Monitoring and Verification Platform (MVP) for Energy Efficiency
How can European countries better monitor and calculate energy savings and CO2 emission reduction? This short video tutorial, produced by Ecologic Institute presents functionalities and benefits from the use of an innovative Monitoring & Verification Platform (MVP). This IT tool has been designed to provide EU member states with an easy-to-use and cost-effective system to assess the impact of their implemented energy saving measures and plans.
The MVP tutorial is accompanied by a user manual and an extensive list of bottom-up measures from the building, industry and transport sector.
The IT tool is currently being implemented in Croatia, the FYR of Macedonia, Greece, Latvia, Lithuania, and Slovakia and proposes a good example of smart and innovative solutions. The MVP has been originally developed by the BMZ-financed Open Regional Fund for Southeast Europe – Energy Efficiency for western Balkan countries and tested within the multEE project, financed by the EU Horizon 2020 programme.
The application is based on the collection of bottom-up (BU) data on a number of plans and measures, their implementation, energy savings, CO2 emissions and implementation costs. As a tool shared by administration working on different levels, the MVP tool also facilitates information exchange between national and local levels.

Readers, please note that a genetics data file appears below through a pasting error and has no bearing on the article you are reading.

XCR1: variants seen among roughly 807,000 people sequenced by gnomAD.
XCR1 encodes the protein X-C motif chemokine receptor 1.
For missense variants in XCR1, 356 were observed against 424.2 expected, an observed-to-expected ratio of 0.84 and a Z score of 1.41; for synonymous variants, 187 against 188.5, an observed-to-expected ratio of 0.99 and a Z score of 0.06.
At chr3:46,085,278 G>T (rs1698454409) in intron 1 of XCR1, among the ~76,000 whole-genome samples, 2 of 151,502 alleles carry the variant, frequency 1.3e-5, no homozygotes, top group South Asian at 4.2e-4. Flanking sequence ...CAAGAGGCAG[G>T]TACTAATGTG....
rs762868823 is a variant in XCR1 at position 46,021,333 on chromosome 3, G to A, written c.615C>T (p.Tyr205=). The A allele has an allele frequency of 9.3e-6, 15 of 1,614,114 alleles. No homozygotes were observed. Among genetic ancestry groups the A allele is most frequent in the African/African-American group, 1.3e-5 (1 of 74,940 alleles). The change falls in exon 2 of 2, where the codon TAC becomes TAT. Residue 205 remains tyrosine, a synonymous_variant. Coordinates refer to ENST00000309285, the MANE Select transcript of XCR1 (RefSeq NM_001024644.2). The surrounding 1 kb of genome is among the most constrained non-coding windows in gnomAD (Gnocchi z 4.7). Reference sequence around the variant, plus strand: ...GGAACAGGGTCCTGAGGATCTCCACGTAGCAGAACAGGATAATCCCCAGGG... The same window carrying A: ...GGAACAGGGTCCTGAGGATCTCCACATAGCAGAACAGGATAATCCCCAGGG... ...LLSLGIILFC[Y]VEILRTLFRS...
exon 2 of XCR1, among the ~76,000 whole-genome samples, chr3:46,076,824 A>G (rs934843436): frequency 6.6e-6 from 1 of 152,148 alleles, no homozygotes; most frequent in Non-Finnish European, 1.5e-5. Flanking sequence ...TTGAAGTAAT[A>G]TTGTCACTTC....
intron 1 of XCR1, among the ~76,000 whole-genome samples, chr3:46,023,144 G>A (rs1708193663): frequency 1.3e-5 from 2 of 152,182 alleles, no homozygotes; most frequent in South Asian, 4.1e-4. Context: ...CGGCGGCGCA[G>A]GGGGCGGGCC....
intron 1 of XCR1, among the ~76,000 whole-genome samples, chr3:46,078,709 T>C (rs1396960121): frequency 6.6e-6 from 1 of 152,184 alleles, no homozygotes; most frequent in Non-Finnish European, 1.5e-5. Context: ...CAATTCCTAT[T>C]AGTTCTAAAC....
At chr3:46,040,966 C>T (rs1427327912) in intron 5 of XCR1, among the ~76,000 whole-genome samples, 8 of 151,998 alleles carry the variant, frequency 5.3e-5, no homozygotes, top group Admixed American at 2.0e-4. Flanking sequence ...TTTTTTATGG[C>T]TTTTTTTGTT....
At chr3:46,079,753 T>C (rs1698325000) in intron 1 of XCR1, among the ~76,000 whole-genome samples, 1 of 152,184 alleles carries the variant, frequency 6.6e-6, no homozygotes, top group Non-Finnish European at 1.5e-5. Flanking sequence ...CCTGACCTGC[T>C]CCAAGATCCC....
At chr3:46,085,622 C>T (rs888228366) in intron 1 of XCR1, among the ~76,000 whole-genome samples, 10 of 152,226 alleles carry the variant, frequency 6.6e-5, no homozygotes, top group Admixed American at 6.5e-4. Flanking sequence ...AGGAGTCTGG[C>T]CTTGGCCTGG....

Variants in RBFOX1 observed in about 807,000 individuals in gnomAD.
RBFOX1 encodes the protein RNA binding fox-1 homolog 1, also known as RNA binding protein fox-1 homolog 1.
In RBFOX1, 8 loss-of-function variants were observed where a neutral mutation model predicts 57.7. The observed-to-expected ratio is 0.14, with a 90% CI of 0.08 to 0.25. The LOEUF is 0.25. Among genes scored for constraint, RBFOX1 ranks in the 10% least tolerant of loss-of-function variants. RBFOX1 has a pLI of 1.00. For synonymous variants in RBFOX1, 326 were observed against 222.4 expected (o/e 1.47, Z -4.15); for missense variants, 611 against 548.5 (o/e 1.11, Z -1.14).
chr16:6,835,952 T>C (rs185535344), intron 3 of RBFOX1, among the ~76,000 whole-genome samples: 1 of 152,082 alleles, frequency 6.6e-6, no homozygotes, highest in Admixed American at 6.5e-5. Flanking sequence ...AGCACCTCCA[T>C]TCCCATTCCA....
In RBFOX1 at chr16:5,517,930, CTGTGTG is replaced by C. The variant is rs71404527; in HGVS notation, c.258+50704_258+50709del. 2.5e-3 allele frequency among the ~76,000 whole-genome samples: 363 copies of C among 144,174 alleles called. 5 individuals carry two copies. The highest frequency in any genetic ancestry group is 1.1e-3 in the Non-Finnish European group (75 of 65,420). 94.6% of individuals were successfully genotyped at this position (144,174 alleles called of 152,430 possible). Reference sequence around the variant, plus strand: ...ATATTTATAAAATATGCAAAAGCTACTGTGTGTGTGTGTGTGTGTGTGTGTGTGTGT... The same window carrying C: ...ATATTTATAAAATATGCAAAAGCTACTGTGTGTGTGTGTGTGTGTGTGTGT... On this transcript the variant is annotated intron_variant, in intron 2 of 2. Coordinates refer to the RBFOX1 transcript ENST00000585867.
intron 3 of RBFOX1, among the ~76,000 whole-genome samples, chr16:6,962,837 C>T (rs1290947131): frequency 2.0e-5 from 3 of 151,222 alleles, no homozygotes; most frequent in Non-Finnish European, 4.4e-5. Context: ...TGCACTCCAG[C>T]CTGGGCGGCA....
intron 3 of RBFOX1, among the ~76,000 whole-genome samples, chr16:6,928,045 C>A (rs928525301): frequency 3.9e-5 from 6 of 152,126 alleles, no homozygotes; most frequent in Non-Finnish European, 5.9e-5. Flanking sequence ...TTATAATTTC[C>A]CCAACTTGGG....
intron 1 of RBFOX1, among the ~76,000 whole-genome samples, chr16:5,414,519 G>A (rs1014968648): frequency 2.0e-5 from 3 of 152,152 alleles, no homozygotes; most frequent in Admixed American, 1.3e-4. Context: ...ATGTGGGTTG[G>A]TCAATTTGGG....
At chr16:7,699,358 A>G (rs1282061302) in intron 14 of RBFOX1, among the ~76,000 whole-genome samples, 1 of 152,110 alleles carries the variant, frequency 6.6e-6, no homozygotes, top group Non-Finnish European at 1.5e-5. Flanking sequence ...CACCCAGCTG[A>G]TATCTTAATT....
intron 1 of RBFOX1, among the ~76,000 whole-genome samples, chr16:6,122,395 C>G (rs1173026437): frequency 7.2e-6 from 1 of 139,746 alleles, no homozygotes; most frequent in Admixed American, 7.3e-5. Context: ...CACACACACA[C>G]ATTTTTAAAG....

With the possibility of calculating savings by using reference values, it provides a cost-effective alternative to ex-post audits and can also be handled by users with limited technical knowledge.
For further information, please contact the multEE communication team.
The multEE project is led by Deutsche Gesellschaft für Internationale Zusammenarbeit (GIZ) and is funded by the European Commission’s Horizon 2020 Programme. The consortium also includes Ecologic Institute (Germany), the Austrian Energy Agency (AEA), the Centre for Renewable Energy Sources and Saving (CRES), the Institute of Physical Energetics (IPE), the Energy Institute Hrvoje Pozar (EIHP), the Lithuanian Energy Institute (LEI), the Macedonian Center for Energy Efficiency (MACEF), the Slovakian Innovation and Energy Agency (SIEA) and the University of Roskilde (RUC).